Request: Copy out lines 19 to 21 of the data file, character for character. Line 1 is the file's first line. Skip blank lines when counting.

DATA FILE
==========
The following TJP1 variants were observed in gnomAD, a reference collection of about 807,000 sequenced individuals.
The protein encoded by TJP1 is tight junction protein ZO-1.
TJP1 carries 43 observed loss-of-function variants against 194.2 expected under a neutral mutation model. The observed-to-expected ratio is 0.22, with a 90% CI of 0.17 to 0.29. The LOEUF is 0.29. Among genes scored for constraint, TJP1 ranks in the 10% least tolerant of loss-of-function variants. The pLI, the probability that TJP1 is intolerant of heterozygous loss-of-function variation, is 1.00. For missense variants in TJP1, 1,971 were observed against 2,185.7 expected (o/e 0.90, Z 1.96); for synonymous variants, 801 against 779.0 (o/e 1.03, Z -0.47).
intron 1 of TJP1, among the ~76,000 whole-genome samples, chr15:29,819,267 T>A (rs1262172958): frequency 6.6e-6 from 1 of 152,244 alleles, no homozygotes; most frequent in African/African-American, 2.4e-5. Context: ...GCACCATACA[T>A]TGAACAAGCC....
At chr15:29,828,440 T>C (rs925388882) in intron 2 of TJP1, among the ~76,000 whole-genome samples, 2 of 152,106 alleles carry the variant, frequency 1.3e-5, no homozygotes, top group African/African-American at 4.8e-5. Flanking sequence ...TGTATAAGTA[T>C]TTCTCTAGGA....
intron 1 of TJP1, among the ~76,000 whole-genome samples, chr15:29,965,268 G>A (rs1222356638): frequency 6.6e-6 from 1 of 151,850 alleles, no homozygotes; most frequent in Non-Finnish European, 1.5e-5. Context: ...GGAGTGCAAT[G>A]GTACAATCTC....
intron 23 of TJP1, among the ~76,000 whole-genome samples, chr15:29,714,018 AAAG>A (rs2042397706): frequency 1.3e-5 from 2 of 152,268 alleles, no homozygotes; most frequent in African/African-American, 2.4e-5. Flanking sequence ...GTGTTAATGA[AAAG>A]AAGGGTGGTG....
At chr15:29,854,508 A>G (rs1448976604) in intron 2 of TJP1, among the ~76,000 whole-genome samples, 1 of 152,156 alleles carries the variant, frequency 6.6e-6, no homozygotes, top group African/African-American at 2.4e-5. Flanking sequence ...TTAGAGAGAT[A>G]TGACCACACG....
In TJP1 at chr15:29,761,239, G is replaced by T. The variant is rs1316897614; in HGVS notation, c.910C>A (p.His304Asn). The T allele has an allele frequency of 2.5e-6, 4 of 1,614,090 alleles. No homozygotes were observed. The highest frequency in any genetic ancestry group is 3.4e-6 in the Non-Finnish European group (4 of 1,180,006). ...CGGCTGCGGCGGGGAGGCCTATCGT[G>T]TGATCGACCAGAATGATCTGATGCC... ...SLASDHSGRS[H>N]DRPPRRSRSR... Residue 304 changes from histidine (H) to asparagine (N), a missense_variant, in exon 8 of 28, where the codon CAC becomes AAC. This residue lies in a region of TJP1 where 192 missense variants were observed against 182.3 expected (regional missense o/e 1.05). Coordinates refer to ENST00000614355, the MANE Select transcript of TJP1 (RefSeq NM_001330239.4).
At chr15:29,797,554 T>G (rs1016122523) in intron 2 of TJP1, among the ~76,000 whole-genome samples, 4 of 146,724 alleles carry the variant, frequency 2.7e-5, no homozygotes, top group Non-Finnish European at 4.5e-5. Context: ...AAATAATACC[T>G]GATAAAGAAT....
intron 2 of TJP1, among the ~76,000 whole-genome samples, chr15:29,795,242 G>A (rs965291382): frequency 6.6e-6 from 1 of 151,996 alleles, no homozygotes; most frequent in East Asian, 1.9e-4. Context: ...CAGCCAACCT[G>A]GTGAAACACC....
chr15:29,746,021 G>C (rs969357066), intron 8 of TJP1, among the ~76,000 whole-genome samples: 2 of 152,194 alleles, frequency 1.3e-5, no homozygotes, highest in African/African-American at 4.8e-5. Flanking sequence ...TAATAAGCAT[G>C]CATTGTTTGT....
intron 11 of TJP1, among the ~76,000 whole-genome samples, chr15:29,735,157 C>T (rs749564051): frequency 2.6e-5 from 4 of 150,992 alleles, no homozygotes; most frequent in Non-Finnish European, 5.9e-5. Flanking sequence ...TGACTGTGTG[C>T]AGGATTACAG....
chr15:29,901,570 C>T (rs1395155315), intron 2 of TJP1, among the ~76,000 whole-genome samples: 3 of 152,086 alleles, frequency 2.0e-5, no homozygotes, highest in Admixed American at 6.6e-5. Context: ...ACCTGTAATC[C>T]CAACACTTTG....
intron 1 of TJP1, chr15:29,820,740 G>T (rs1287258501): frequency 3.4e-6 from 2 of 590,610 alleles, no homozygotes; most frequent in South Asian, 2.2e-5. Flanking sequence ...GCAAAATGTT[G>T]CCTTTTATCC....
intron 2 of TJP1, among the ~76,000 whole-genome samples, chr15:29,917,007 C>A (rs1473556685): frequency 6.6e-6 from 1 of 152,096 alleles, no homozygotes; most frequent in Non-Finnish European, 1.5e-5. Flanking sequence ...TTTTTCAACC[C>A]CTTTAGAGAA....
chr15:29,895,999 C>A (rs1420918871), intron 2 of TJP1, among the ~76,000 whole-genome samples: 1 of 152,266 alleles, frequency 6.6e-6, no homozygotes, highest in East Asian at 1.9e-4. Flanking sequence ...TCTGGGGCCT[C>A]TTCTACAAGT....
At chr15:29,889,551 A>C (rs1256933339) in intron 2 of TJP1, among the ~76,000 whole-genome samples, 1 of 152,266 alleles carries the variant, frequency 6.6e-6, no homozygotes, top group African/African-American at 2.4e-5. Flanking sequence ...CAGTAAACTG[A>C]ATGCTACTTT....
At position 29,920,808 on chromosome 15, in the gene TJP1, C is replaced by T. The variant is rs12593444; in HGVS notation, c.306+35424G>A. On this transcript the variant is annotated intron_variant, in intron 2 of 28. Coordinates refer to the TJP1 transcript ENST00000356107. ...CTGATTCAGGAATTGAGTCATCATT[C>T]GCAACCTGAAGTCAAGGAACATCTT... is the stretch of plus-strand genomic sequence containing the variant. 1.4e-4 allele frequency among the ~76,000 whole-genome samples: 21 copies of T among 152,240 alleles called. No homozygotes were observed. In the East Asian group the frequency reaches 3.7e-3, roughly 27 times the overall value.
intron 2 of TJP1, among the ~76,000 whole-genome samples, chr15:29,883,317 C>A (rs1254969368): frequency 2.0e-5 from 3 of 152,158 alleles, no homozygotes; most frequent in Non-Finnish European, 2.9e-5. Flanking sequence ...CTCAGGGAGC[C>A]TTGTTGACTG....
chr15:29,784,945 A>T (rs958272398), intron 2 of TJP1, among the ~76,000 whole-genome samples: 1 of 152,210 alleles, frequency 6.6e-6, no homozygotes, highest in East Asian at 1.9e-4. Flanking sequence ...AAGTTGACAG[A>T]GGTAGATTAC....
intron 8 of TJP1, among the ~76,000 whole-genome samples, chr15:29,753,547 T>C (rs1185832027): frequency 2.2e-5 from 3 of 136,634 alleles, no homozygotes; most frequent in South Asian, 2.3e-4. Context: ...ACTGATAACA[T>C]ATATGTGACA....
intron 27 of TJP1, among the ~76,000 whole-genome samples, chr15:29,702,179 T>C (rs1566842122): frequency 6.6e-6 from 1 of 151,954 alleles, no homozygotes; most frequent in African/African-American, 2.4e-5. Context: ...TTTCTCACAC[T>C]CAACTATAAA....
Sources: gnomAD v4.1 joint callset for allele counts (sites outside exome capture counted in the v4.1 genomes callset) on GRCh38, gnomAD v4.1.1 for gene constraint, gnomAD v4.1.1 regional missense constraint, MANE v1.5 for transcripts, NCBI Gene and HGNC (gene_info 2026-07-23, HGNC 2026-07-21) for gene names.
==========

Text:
At position 29,920,808 on chromosome 15, in the gene TJP1, C is replaced by T. The variant is rs12593444; in HGVS notation, c.306+35424G>A. On this transcript the variant is annotated intron_variant, in intron 2 of 28. Coordinates refer to the TJP1 transcript ENST00000356107. ...CTGATTCAGGAATTGAGTCATCATT[C>T]GCAACCTGAAGTCAAGGAACATCTT... is the stretch of plus-strand genomic sequence containing the variant. 1.4e-4 allele frequency among the ~76,000 whole-genome samples: 21 copies of T among 152,240 alleles called. No homozygotes were observed. In the East Asian group the frequency reaches 3.7e-3, roughly 27 times the overall value.
intron 2 of TJP1, among the ~76,000 whole-genome samples, chr15:29,883,317 C>A (rs1254969368): frequency 2.0e-5 from 3 of 152,158 alleles, no homozygotes; most frequent in Non-Finnish European, 2.9e-5. Flanking sequence ...CTCAGGGAGC[C>A]TTGTTGACTG....
chr15:29,784,945 A>T (rs958272398), intron 2 of TJP1, among the ~76,000 whole-genome samples: 1 of 152,210 alleles, frequency 6.6e-6, no homozygotes, highest in East Asian at 1.9e-4. Flanking sequence ...AAGTTGACAG[A>T]GGTAGATTAC....